What are you doing now?
I am currently working for Team Sky (cycling) and Sky (TV) on a new project that will bring together people from across numerous domains in sport, music, art, education and business to learn from one another on how to develop human performance. As part of this project I help support the cycling team in solving problems through science, medicine and technology.
What route did you take up to this point?
I studied at university right from undergraduate to completing a PhD at Loughborough. I studied in the area of Sports Science. After my studies I went to work in British Olympic sport – I happened to be in the right place at the right time in a growing industry leading into London 2012. I then moved into a leadership role with England Rugby with a particular focus on player development but still overseeing teams of people across sports science and sports medicine. From here I was attracted into this new role to make a dent in society through the power of sport.
Any significant crossroads?
I have certainly faced major decision points throughout my studies and even now in my career. There are many things you cannot control so whatever decision you do make at these crossroads (there is no right or wrong) – you have just got to give it the best chance of succeeding through hard work and endeavour.
I did not do as well as I should have in my A levels because I took my foot off the gas post GCSEs (in fact I think I took my foot off the gas during the later years of my GCSEs). When I got to university (not the one I wanted to go) the realisation that you need to quickly become self-aware, self-organising and self-driven really hit home and that’s where I believe I changed my attitude to work and learning. That experience has kept me in good stead since.
What have you learnt most about yourself?
Hard work is the number one ingredient to being successful. It does not matter how much talent or intelligence you may have – it will not compete with anyone in life when you come up with someone who has work ethic, passion and desire for what they believe in. This is replicated throughout life consistently. The other really crucial learning has been to recognise that you will need to constantly adapt as circumstances change around you. Your ability to change mindset and adapt quicker than anyone else will be crucial for long term success.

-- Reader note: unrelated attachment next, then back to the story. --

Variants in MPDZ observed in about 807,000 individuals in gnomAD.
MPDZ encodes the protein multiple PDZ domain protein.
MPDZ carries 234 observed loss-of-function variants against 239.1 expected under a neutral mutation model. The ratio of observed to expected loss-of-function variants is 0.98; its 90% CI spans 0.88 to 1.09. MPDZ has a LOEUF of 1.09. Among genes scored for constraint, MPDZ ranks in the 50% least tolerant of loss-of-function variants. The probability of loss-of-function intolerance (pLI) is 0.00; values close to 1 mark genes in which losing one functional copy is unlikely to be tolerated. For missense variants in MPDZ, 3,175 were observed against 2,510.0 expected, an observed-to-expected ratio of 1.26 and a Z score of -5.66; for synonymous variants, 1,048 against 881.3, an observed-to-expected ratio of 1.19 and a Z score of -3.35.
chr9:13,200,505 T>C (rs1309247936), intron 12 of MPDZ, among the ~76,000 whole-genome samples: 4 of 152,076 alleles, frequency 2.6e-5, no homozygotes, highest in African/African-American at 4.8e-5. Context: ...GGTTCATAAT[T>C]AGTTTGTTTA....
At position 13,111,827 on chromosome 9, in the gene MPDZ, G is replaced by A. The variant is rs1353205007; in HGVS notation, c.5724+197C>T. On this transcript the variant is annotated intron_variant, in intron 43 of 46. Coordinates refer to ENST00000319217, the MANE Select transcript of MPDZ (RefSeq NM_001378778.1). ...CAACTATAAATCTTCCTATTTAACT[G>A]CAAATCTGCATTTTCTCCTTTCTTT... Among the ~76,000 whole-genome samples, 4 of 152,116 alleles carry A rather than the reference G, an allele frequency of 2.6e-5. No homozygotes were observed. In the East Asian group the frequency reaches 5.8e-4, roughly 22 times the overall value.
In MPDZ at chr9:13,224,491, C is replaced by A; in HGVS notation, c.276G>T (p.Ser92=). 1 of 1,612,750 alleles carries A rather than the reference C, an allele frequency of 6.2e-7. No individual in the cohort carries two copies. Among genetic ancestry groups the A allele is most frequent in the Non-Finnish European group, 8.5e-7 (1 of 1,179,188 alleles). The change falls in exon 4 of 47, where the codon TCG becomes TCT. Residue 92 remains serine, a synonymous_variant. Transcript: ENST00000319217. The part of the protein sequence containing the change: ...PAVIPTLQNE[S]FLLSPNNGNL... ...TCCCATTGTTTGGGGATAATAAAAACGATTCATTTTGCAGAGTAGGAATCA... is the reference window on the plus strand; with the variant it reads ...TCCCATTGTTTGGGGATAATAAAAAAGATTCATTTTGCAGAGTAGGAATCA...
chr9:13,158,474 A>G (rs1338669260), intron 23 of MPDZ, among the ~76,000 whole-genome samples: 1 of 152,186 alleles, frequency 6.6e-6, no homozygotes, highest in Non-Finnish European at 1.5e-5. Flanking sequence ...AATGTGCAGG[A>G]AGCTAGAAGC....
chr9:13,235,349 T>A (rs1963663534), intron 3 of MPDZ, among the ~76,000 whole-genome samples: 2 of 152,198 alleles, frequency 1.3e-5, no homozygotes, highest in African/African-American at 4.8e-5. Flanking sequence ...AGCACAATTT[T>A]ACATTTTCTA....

What words of wisdom would you give to a student joining DHSB in Year 7?
You cannot predict the future. The decisions you make about subjects to study and follow should be based on what you enjoy and what you have a passion for. What the world looks like now will not be the same in 10 years time. Enjoy your time at school – if it is not fun and you don’t find something you fall in love with – find something that you do. The amazing opportunities at DHSB mean you can seek out multiple experiences and opportunities in and out of school to find your passion.
And for a Sixth Former leaving DHSB?
The advice to Year 7 is the same advice to those leaving. You will be exposed to an ever wide of opportunities when you leave school and either go to an apprenticeship or the workplace, university or a gap year. Experience as much as you can – don’t specialise too early – and be nice to everyone you meet. As you progress through your studies and into the work place the things that will differentiate you will be your ability to connect with others, build trust and demonstrate creativity through problem solving.
Any fond memories of school you can share?
I loved sport and had the opportunity to follow my passion by studying the science of sport. I had no idea it would take me to where I have because the jobs did not exist in this domain. The environment provided a wide, varied and fun development experience that only now I understand! Without it, I would not have been in a place to take the opportunities as they arose. My memories are shaped around the people I met.
Do you have a message for any of your teachers?
Keep doing what you’re doing. Continue to support the students in following their passion and let them enjoy as much of the moment as they can. Development is not a linear process – it’s about having the skills to adapt to what changes in front of you. If the students leave school having enjoyed their experience, found their passion – you have done a brilliant job in creating the environment that allowed that to happen.